And so the debate rages on. However, no one—not even the most fervent believers in generational differences—suggests that every member within a generation is the same or similar in their behaviors, values and preferences. Rather, generational experts argue that an understanding of the generations can provide a useful framework for making broad and general decisions about groups of people, and a means to be aware of employee and customer differences.
Whether the similarities and differences are significant enough to warrant special attention, however, is, again, the question with which organizations must grapple. After all, designing tailored programs, products, benefits plans, services and rewards takes time and costs a great deal of money.
Organizations might conclude that generational differences don’t matter but differences in stage of life or lifestyle do. If so, the actions they might take are much the same. Indeed, commercially at least, providers of products and services ranging from cars to financial planning have long catered to customers at various stages in their lives—minivans for young families and retirement plans for aging workers, for example.
Rarer are products and services aimed at distinct generations. That said, music, video games, books, food, hotels and now, television streaming, often appear to target specific generations. In 2015, HBO, for example, launched a streaming service called HBO Now, which its CEO, Richard Plepler called a “Millennial Missile.”62 HBO appears to have made the decision to stream its programming based on information from surveys such as Deloitte’s latest Digital Democracy Survey. The reports says that 56 percent of consumers stream movies and 53 percent stream television each month, but 77 percent of Millennials—youth, between 14 and 25—stream movies and 72 percent stream television programs.63
Nonetheless, one can argue that consumer products for generational cohorts are actually aimed at age groups. Beyond the press releases, few products appear to be truly tailored for a specific generation for generational reasons—one that is designed to follow a generational cohort through its life stages. To illustrate, if a 2015 “Best of the Beatles” album were released today, it might well generate more sales among Baby Boomers that among Millennials. Yet the reasons may have more to do with the Beatle’s traditional fan base and nostalgia than anything to do with the consistent, shared values, if any, Boomers have carried with them throughout their lives.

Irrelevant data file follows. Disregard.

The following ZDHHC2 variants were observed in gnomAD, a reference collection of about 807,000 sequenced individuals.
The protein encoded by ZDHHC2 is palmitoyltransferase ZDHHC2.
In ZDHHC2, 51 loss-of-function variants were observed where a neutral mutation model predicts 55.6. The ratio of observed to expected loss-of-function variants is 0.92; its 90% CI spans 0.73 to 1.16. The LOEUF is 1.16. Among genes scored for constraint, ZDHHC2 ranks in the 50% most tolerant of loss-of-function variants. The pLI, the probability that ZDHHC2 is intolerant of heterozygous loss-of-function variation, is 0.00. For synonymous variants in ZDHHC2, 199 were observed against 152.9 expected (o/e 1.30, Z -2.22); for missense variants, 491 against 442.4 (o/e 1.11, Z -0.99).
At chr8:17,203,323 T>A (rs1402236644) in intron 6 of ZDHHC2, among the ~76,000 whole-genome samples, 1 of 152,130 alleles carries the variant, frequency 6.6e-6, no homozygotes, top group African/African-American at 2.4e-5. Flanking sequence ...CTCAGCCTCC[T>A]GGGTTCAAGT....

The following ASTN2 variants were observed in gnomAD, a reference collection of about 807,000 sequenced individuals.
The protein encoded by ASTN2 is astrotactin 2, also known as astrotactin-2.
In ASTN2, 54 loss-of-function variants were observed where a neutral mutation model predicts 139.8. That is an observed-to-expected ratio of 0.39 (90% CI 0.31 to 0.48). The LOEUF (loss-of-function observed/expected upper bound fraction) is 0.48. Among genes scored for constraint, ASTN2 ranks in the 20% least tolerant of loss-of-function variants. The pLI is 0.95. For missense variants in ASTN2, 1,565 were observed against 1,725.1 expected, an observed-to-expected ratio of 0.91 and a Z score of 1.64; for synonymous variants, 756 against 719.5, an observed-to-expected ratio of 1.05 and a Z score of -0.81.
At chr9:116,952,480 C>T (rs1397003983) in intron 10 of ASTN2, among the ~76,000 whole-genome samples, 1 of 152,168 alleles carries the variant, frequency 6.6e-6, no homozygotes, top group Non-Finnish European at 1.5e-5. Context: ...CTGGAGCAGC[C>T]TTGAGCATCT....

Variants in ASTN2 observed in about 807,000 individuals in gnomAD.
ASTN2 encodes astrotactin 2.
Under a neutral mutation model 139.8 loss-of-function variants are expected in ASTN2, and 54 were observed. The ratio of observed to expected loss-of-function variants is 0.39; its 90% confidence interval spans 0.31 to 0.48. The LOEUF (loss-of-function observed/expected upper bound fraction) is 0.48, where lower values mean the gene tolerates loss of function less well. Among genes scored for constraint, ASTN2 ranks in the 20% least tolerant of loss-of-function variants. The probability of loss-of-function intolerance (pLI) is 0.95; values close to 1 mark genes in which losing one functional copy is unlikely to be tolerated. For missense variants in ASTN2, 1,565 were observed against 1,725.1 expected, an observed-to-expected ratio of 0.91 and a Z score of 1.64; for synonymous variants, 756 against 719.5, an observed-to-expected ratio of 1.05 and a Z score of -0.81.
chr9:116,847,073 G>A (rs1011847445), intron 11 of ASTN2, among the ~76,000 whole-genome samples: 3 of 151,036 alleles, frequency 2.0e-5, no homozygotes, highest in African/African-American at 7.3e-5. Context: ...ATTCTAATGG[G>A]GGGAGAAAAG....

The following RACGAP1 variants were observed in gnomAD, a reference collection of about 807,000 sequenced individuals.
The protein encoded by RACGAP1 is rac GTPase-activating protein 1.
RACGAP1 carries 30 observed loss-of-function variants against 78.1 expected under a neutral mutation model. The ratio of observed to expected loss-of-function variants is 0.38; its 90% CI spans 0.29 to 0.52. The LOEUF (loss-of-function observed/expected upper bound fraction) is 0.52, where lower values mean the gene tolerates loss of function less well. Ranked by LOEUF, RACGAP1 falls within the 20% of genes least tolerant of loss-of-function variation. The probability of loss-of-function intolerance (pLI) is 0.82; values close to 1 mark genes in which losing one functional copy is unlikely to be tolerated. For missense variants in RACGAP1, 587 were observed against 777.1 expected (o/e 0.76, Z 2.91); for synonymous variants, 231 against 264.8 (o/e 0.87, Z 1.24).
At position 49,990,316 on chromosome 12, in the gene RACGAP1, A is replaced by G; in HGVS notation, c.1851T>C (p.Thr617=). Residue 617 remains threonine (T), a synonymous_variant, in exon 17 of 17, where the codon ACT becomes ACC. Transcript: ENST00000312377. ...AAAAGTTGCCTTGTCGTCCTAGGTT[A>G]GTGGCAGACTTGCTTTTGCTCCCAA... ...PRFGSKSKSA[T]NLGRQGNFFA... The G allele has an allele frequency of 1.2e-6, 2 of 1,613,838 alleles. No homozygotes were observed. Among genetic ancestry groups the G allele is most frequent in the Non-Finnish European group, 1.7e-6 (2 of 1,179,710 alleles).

“For any organization, it is very important to consider what motivates its employees. Effort to understand human traits, shifts in attitudes and behaviour, social trends and ever changing employees i.e. generations is vital for the success of any business.”
– Motivating and Rewarding Generation Y Workers64
The recent trend among hotel chains to launch youthful brands to attract Millennials is especially interesting.65 Just as Millennials are expected to constitute half the workforce within a few years, they are also expected to account for half of all business flights.66 Hotel executives and spokespeople may announce that the hotels are aimed at Millennials but, as above, do they really mean youth? Do the hotels expect that as Millennials become middle aged and then older workers they will still seek out hotels designed for Millennials? Or will Millennials begin to prefer what we now label “traditional hotels” as they age? Put another way, do Millennials with children prefer “Millennial hotels” or suite hotels with reasonable rates?
It is, at best, unclear whether common events, no matter how profound, can shape the worldview of tens or hundreds of millions of people for the rest of their lives. It is even more difficult to conclude that if generations act similarly or share preferences in some respects that it is due to shared formative experiences rather that their age and stage of life.
Questions about the real and significant differences between generations are important because if one believes that generations keep certain characteristics, world views, preferences, and values throughout their careers and lives, it might be possible to predict what will most appeal to them and motivate them as they age. If so, examples that support that notion are either non-existent or extremely elusive. Conversely, there are abundant examples of products, services and programs aimed at employees, consumers and citizens at various life stages.